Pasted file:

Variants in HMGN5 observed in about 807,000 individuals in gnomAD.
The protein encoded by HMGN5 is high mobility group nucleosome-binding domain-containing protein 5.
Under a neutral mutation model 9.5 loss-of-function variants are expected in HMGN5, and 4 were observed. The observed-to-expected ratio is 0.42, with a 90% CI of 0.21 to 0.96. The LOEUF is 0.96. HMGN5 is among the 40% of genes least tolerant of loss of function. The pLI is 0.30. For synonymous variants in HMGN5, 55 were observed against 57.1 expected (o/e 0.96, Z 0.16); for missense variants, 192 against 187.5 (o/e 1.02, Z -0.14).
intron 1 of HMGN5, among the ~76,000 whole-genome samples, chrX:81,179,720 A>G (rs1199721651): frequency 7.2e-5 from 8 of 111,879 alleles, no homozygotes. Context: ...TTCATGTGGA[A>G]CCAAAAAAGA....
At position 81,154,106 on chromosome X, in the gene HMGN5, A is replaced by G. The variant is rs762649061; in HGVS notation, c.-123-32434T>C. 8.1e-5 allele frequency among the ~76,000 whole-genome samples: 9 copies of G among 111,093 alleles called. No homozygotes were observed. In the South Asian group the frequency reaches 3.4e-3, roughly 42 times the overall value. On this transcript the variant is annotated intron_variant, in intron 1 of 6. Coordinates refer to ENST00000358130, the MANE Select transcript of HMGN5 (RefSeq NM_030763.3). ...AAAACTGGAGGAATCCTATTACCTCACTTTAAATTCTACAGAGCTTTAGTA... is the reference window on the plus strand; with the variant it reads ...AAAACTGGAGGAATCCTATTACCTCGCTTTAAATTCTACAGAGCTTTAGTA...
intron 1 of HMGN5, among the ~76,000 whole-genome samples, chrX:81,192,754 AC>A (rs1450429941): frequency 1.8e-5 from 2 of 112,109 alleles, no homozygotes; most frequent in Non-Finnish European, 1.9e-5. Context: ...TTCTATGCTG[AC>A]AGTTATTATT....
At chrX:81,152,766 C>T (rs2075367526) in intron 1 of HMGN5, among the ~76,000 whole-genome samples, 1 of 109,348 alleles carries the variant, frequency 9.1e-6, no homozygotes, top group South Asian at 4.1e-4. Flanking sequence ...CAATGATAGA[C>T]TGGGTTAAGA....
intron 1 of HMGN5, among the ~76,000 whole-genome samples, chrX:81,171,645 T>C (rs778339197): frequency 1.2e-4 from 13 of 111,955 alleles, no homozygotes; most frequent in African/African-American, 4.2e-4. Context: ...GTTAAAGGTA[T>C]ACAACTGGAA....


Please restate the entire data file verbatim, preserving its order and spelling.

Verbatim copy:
Variants in HMGN5 observed in about 807,000 individuals in gnomAD.
The protein encoded by HMGN5 is high mobility group nucleosome-binding domain-containing protein 5.
Under a neutral mutation model 9.5 loss-of-function variants are expected in HMGN5, and 4 were observed. The observed-to-expected ratio is 0.42, with a 90% CI of 0.21 to 0.96. The LOEUF is 0.96. HMGN5 is among the 40% of genes least tolerant of loss of function. The pLI is 0.30. For synonymous variants in HMGN5, 55 were observed against 57.1 expected (o/e 0.96, Z 0.16); for missense variants, 192 against 187.5 (o/e 1.02, Z -0.14).
intron 1 of HMGN5, among the ~76,000 whole-genome samples, chrX:81,179,720 A>G (rs1199721651): frequency 7.2e-5 from 8 of 111,879 alleles, no homozygotes. Context: ...TTCATGTGGA[A>G]CCAAAAAAGA....
At position 81,154,106 on chromosome X, in the gene HMGN5, A is replaced by G. The variant is rs762649061; in HGVS notation, c.-123-32434T>C. 8.1e-5 allele frequency among the ~76,000 whole-genome samples: 9 copies of G among 111,093 alleles called. No homozygotes were observed. In the South Asian group the frequency reaches 3.4e-3, roughly 42 times the overall value. On this transcript the variant is annotated intron_variant, in intron 1 of 6. Coordinates refer to ENST00000358130, the MANE Select transcript of HMGN5 (RefSeq NM_030763.3). ...AAAACTGGAGGAATCCTATTACCTCACTTTAAATTCTACAGAGCTTTAGTA... is the reference window on the plus strand; with the variant it reads ...AAAACTGGAGGAATCCTATTACCTCGCTTTAAATTCTACAGAGCTTTAGTA...
intron 1 of HMGN5, among the ~76,000 whole-genome samples, chrX:81,192,754 AC>A (rs1450429941): frequency 1.8e-5 from 2 of 112,109 alleles, no homozygotes; most frequent in Non-Finnish European, 1.9e-5. Context: ...TTCTATGCTG[AC>A]AGTTATTATT....
At chrX:81,152,766 C>T (rs2075367526) in intron 1 of HMGN5, among the ~76,000 whole-genome samples, 1 of 109,348 alleles carries the variant, frequency 9.1e-6, no homozygotes, top group South Asian at 4.1e-4. Flanking sequence ...CAATGATAGA[C>T]TGGGTTAAGA....
intron 1 of HMGN5, among the ~76,000 whole-genome samples, chrX:81,171,645 T>C (rs778339197): frequency 1.2e-4 from 13 of 111,955 alleles, no homozygotes; most frequent in African/African-American, 4.2e-4. Context: ...GTTAAAGGTA[T>C]ACAACTGGAA....